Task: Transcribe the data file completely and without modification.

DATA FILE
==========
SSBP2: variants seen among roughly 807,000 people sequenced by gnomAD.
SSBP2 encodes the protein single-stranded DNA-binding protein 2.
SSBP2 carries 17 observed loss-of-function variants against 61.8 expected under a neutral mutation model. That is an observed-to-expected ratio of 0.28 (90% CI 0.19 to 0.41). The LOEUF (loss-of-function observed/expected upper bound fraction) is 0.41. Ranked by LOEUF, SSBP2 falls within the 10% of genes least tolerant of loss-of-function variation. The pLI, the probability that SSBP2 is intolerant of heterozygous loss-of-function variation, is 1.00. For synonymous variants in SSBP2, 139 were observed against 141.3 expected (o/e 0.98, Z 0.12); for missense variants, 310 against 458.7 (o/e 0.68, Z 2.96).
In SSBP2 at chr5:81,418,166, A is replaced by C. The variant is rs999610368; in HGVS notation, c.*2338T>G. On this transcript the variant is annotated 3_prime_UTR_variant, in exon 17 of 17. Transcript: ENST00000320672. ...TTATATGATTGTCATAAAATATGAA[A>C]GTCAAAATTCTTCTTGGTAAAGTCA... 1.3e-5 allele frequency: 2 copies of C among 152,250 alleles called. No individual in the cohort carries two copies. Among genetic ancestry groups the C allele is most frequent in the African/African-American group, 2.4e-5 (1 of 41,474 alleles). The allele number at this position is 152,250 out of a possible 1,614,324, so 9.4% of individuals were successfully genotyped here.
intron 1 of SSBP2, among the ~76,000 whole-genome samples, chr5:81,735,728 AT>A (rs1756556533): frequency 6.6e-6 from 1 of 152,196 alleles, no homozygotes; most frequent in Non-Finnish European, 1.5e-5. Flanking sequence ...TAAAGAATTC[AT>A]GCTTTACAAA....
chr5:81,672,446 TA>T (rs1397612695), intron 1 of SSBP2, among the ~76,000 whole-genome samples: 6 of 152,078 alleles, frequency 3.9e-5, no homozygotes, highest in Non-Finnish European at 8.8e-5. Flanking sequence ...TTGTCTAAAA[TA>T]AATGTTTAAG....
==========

SSBP2: variants seen among roughly 807,000 people sequenced by gnomAD.
SSBP2 encodes the protein single-stranded DNA-binding protein 2.
SSBP2 carries 17 observed loss-of-function variants against 61.8 expected under a neutral mutation model. That is an observed-to-expected ratio of 0.28 (90% CI 0.19 to 0.41). The LOEUF (loss-of-function observed/expected upper bound fraction) is 0.41. Ranked by LOEUF, SSBP2 falls within the 10% of genes least tolerant of loss-of-function variation. The pLI, the probability that SSBP2 is intolerant of heterozygous loss-of-function variation, is 1.00. For synonymous variants in SSBP2, 139 were observed against 141.3 expected (o/e 0.98, Z 0.12); for missense variants, 310 against 458.7 (o/e 0.68, Z 2.96).
In SSBP2 at chr5:81,418,166, A is replaced by C. The variant is rs999610368; in HGVS notation, c.*2338T>G. On this transcript the variant is annotated 3_prime_UTR_variant, in exon 17 of 17. Transcript: ENST00000320672. ...TTATATGATTGTCATAAAATATGAA[A>C]GTCAAAATTCTTCTTGGTAAAGTCA... 1.3e-5 allele frequency: 2 copies of C among 152,250 alleles called. No individual in the cohort carries two copies. Among genetic ancestry groups the C allele is most frequent in the African/African-American group, 2.4e-5 (1 of 41,474 alleles). The allele number at this position is 152,250 out of a possible 1,614,324, so 9.4% of individuals were successfully genotyped here.
intron 1 of SSBP2, among the ~76,000 whole-genome samples, chr5:81,735,728 AT>A (rs1756556533): frequency 6.6e-6 from 1 of 152,196 alleles, no homozygotes; most frequent in Non-Finnish European, 1.5e-5. Flanking sequence ...TAAAGAATTC[AT>A]GCTTTACAAA....
chr5:81,672,446 TA>T (rs1397612695), intron 1 of SSBP2, among the ~76,000 whole-genome samples: 6 of 152,078 alleles, frequency 3.9e-5, no homozygotes, highest in Non-Finnish European at 8.8e-5. Flanking sequence ...TTGTCTAAAA[TA>T]AATGTTTAAG....